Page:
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The finest Cider in the West
All About Lawrence’s Cider
Extract from the Somerset Cider Handbook 2012 by Alan Stone
Despite its address this cider maker is just in Somerset – down the lanes from Cadbury Castle. To me John is one of the more interesting characters in cider. I first came across him through a report in a local paper that he was delivering his cider in a Porsche. That didn’t last long as a business stance – but the Porsche, or rather its successor, was an ingredient of a visit to John’s double garage until the morning before my latest visit in March 2012. Apparently he had sold it to someone in Cornwall who had been up to collect it that morning. John needs the space in his garage for a major redevelopment he is just about to start.
However I need to go back a step first. The double garage is the hub of John’s cider business. It is amazing how space efficiently it is set out with wooden racking containing neat rows of 200 litre plastic fermenting tanks. A Voran Press, a Speidel Mill and a bottling area with two small pasteurizers. John now makes around 5,000 litres a year, having grown from an experimental couple of gallons about 10 years ago before the bug really got going. Since my last visit John has really got into fermenting in oak and there must have been about ten 200 litre former wine barrels. Only a couple of these were in the racking – the rest were on two storey purpose built wooden racks which he had the foresight to build on wheels so they could be moved around. Being a freelance aerospace designer by trade is obviously a big advantage when it comes to designing garage interior layouts.
John makes a good quality cider with mainly bittersweet apples from local orchards. In the past he was selling out far too quickly and for a long time I don’t think I had tasted a mature cider from him. However on this visit he poured samples from the wood for myself and both my son’s. This cider was nicely mature, quite dry and had picked up a distinct smoky taste from the Oak. His 18 month old ‘vintage’ was particularly pleasant.
Another distinct feature of John is his imaginative marketing. When I wrote my previous book he was pioneering placing polished wooden barrels on pub bars. Now he has gone a step further and for his best outlets is actually providing a beer engine and supplying the cider in some nine gallon moulded plastic casks he has got hold of from somewhere. This certainly should work well as long as the pub has a quick enough turn over of cider.
John has always focused on pubs for his outlets and they are still his main route to market. He also bottles cider for a well know local hotel / restaurant where his is the only cider on offer. He is always looking for more pubs to supply but the Camelot in South Cadbury would seem to be as likely a choice as any to find it. He also supplies a pub called the Natterjack near Evercreech where as far as I can see they don’t sell it in the pub but fill 5 litre containers to sell as off trade.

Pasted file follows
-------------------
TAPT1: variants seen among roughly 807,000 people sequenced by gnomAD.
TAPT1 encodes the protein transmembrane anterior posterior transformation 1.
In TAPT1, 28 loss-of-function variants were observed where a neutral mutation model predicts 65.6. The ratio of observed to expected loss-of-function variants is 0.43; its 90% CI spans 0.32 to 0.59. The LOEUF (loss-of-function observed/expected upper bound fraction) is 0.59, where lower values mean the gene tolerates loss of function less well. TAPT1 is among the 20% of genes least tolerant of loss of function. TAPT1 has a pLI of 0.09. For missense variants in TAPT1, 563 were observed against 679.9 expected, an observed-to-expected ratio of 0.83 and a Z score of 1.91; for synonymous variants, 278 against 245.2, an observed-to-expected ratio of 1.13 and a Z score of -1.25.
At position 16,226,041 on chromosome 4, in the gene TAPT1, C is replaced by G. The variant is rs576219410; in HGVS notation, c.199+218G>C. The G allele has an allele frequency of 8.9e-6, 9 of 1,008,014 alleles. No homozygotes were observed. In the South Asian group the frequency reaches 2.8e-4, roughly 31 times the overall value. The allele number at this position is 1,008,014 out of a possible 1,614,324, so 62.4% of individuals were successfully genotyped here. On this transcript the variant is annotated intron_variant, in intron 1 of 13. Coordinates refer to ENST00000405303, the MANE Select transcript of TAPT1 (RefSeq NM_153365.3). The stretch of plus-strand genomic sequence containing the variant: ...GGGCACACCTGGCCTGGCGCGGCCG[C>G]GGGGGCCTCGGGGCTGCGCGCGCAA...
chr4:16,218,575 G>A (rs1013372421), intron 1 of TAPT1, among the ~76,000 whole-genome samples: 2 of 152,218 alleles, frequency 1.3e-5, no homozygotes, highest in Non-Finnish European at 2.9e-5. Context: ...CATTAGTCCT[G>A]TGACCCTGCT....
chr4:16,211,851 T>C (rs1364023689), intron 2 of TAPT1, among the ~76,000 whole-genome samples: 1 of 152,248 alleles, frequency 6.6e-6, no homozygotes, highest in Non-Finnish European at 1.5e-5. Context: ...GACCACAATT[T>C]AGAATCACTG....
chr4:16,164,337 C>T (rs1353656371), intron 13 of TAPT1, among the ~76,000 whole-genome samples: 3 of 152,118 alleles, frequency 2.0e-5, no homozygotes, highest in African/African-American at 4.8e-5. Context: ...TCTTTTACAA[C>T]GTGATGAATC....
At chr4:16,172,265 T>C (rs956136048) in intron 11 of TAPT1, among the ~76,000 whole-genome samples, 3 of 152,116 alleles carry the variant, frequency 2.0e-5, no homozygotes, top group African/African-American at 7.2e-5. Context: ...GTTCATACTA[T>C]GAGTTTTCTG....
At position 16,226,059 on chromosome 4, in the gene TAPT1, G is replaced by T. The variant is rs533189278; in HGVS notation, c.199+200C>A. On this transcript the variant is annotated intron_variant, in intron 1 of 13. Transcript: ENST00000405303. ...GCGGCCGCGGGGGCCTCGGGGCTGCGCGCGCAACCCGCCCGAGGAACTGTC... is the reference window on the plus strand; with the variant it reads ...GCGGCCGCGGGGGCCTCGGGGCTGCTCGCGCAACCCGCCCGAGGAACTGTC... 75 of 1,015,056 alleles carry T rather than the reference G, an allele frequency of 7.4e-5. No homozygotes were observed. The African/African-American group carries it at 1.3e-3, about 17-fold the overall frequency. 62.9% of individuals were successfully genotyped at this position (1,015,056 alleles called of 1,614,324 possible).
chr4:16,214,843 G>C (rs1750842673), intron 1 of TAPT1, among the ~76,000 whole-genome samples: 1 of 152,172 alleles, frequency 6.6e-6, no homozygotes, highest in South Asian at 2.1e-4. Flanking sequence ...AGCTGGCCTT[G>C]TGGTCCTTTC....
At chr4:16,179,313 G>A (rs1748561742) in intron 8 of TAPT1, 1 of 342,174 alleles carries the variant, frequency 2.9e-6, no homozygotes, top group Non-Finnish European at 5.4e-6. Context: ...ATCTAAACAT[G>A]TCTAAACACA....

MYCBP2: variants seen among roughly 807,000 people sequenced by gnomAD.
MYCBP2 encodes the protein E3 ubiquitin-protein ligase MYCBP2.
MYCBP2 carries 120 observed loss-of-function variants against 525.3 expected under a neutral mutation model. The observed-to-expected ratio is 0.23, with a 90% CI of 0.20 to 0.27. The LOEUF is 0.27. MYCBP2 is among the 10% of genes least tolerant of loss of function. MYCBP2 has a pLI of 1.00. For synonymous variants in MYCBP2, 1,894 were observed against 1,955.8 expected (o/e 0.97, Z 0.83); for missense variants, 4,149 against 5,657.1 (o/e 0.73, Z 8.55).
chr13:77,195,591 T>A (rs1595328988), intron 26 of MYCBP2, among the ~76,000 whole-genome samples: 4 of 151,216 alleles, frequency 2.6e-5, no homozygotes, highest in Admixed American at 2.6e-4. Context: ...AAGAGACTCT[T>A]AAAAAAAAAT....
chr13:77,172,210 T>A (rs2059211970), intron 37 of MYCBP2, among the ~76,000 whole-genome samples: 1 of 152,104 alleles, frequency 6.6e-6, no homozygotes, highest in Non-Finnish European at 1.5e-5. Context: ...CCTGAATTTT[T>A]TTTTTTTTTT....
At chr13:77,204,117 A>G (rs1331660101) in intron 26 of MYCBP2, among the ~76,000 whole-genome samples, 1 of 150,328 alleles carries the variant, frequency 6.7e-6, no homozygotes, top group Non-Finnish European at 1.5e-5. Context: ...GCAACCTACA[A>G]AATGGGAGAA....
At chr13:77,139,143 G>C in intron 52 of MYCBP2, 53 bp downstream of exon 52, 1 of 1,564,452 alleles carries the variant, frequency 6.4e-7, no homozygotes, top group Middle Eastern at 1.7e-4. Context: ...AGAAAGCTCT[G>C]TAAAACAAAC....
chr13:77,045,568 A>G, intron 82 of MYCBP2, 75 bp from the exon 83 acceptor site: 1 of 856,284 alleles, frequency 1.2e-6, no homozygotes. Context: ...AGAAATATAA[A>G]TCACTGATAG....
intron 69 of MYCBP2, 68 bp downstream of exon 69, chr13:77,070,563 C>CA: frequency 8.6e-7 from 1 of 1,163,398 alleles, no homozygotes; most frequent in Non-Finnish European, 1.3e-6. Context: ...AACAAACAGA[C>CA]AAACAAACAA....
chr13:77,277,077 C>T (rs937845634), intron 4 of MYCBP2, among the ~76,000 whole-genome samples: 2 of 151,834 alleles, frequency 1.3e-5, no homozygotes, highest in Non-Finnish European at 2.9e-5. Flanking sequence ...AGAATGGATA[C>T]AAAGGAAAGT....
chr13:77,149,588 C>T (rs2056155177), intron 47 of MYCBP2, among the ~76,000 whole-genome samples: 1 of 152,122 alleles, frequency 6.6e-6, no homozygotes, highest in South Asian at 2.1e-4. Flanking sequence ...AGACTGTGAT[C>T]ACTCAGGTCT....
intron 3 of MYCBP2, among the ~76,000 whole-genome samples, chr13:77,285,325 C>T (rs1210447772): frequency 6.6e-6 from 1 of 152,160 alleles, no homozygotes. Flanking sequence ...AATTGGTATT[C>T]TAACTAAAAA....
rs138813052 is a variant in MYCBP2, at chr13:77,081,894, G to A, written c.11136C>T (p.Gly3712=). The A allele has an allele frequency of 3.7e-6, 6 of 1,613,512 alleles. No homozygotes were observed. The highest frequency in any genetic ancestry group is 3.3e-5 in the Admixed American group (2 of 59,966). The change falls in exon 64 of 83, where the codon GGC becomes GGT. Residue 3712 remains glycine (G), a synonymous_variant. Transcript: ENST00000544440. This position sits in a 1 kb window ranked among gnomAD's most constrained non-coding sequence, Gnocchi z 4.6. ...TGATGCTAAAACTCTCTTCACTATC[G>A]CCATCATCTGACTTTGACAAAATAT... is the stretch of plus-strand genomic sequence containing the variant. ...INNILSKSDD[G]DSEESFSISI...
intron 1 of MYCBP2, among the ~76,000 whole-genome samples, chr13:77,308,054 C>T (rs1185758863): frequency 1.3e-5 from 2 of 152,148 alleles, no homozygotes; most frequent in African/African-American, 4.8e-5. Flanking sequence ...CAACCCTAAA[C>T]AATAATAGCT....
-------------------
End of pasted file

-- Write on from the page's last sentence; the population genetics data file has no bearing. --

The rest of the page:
Anyway – on to the exciting news. The reason John has sold his Porsche is to make room for his plans to extend his double garage. By the time this book is published if all goes well a two meter deep extension across the back of the garage will have been built with a loft above to enable him to bring his bottle storage back home rather than storing on a local farm. Another purpose is that he is investigating purchasing a belt press. We all have to accept passing years and he thinks a belt press will enable him to go on producing for many years to come.
John is a really nice chap – always ready to have a good chat and share his cider making experience with others – we all learn off each other. He has a sign outside his bungalow and says if the pick up truck is parked in the drive he is quite happy for people to drop in on him – though phoning first would be advisable. He is a cider maker paying real attention and care to the detail in his cider making and on the evidence of this latest visit his cider is certainly worth tasting.
"...the start of a hobby that has become almost an obsession for John, who now produces 1,500 gallons of top quality cider every year." Sunday Telegraph 29 Apr 2012
How Cider is produced
The Traditional Method
The traditional way is using a rack and cloth press, apple is pulped and wrapped in strong cloths sandwiched between slatted wooden racks to produce a stack, known as a ‘cheese’ which is then pressed.
In the autumn the apples are harvested by hand to ensure only the best fruit is used. All the fruit comes from local Somerset orchards, including my own trees, the Cider is then matured in Oak barrels the influence of the Oak on Cider creates a stronger deeper flavour.
The Modern Alternative
Belt presses are the modern alternative to the rack & cloth press. A thin layer of fruit pulp is fed continuously onto a porous belt and pressed against a series of stainless steel rollers to extract the juice.
Owing to the short pressing time and minimal air contact the quality of the juice is very high and the solid content very low: juice freshness and flavour is maximised.